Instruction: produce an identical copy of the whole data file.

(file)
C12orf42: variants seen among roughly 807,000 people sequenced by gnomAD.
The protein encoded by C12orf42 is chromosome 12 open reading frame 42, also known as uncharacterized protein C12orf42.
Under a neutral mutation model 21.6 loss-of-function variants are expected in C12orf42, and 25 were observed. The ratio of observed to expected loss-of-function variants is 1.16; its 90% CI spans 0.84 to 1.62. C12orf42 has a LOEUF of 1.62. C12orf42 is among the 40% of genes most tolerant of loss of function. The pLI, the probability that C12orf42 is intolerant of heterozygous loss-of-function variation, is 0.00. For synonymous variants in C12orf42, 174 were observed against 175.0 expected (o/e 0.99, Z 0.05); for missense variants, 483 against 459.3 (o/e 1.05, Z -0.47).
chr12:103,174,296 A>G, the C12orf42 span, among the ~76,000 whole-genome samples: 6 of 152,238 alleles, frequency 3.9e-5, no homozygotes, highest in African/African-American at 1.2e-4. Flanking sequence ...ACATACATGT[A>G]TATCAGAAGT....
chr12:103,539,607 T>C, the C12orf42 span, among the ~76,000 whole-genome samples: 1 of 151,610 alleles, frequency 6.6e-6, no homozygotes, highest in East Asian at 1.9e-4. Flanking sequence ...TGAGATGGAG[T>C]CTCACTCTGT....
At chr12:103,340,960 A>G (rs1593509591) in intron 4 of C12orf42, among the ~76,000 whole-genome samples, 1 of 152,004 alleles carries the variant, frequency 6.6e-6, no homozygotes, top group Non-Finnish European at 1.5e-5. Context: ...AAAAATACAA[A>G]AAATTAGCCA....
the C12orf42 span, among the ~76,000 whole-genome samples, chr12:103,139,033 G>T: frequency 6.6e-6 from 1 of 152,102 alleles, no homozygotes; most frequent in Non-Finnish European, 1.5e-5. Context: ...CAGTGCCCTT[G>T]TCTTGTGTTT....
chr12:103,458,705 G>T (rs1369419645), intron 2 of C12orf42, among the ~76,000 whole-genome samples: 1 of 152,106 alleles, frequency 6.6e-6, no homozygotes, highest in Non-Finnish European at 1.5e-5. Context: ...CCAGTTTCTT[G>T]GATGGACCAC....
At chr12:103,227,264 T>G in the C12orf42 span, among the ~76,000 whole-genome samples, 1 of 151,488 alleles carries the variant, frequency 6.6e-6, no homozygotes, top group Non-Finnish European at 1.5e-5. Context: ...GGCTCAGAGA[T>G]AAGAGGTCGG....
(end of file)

C12orf42: variants seen among roughly 807,000 people sequenced by gnomAD.
The protein encoded by C12orf42 is chromosome 12 open reading frame 42, also known as uncharacterized protein C12orf42.
Under a neutral mutation model 21.6 loss-of-function variants are expected in C12orf42, and 25 were observed. The ratio of observed to expected loss-of-function variants is 1.16; its 90% CI spans 0.84 to 1.62. C12orf42 has a LOEUF of 1.62. C12orf42 is among the 40% of genes most tolerant of loss of function. The pLI, the probability that C12orf42 is intolerant of heterozygous loss-of-function variation, is 0.00. For synonymous variants in C12orf42, 174 were observed against 175.0 expected (o/e 0.99, Z 0.05); for missense variants, 483 against 459.3 (o/e 1.05, Z -0.47).
chr12:103,174,296 A>G, the C12orf42 span, among the ~76,000 whole-genome samples: 6 of 152,238 alleles, frequency 3.9e-5, no homozygotes, highest in African/African-American at 1.2e-4. Flanking sequence ...ACATACATGT[A>G]TATCAGAAGT....
chr12:103,539,607 T>C, the C12orf42 span, among the ~76,000 whole-genome samples: 1 of 151,610 alleles, frequency 6.6e-6, no homozygotes, highest in East Asian at 1.9e-4. Flanking sequence ...TGAGATGGAG[T>C]CTCACTCTGT....
At chr12:103,340,960 A>G (rs1593509591) in intron 4 of C12orf42, among the ~76,000 whole-genome samples, 1 of 152,004 alleles carries the variant, frequency 6.6e-6, no homozygotes, top group Non-Finnish European at 1.5e-5. Context: ...AAAAATACAA[A>G]AAATTAGCCA....
the C12orf42 span, among the ~76,000 whole-genome samples, chr12:103,139,033 G>T: frequency 6.6e-6 from 1 of 152,102 alleles, no homozygotes; most frequent in Non-Finnish European, 1.5e-5. Context: ...CAGTGCCCTT[G>T]TCTTGTGTTT....
chr12:103,458,705 G>T (rs1369419645), intron 2 of C12orf42, among the ~76,000 whole-genome samples: 1 of 152,106 alleles, frequency 6.6e-6, no homozygotes, highest in Non-Finnish European at 1.5e-5. Context: ...CCAGTTTCTT[G>T]GATGGACCAC....
At chr12:103,227,264 T>G in the C12orf42 span, among the ~76,000 whole-genome samples, 1 of 151,488 alleles carries the variant, frequency 6.6e-6, no homozygotes, top group Non-Finnish European at 1.5e-5. Context: ...GGCTCAGAGA[T>G]AAGAGGTCGG....